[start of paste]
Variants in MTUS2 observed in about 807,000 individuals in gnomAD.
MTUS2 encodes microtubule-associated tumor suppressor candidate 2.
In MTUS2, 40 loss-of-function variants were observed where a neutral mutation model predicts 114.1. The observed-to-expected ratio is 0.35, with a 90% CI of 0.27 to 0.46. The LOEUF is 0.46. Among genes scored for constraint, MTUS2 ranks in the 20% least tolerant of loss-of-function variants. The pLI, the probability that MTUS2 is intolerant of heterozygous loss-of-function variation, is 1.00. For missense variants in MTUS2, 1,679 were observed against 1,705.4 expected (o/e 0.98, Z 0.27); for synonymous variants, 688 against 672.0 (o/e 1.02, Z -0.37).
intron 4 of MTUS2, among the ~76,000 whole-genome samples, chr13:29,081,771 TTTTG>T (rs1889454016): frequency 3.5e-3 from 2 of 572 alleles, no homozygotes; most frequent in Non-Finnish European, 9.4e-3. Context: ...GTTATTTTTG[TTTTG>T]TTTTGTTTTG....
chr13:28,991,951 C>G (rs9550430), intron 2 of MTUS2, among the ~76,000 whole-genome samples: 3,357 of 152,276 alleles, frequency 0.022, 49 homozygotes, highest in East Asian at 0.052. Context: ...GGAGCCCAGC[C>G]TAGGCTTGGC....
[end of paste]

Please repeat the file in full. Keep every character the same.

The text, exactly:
Variants in MTUS2 observed in about 807,000 individuals in gnomAD.
MTUS2 encodes microtubule-associated tumor suppressor candidate 2.
In MTUS2, 40 loss-of-function variants were observed where a neutral mutation model predicts 114.1. The observed-to-expected ratio is 0.35, with a 90% CI of 0.27 to 0.46. The LOEUF is 0.46. Among genes scored for constraint, MTUS2 ranks in the 20% least tolerant of loss-of-function variants. The pLI, the probability that MTUS2 is intolerant of heterozygous loss-of-function variation, is 1.00. For missense variants in MTUS2, 1,679 were observed against 1,705.4 expected (o/e 0.98, Z 0.27); for synonymous variants, 688 against 672.0 (o/e 1.02, Z -0.37).
intron 4 of MTUS2, among the ~76,000 whole-genome samples, chr13:29,081,771 TTTTG>T (rs1889454016): frequency 3.5e-3 from 2 of 572 alleles, no homozygotes; most frequent in Non-Finnish European, 9.4e-3. Context: ...GTTATTTTTG[TTTTG>T]TTTTGTTTTG....
chr13:28,991,951 C>G (rs9550430), intron 2 of MTUS2, among the ~76,000 whole-genome samples: 3,357 of 152,276 alleles, frequency 0.022, 49 homozygotes, highest in East Asian at 0.052. Context: ...GGAGCCCAGC[C>G]TAGGCTTGGC....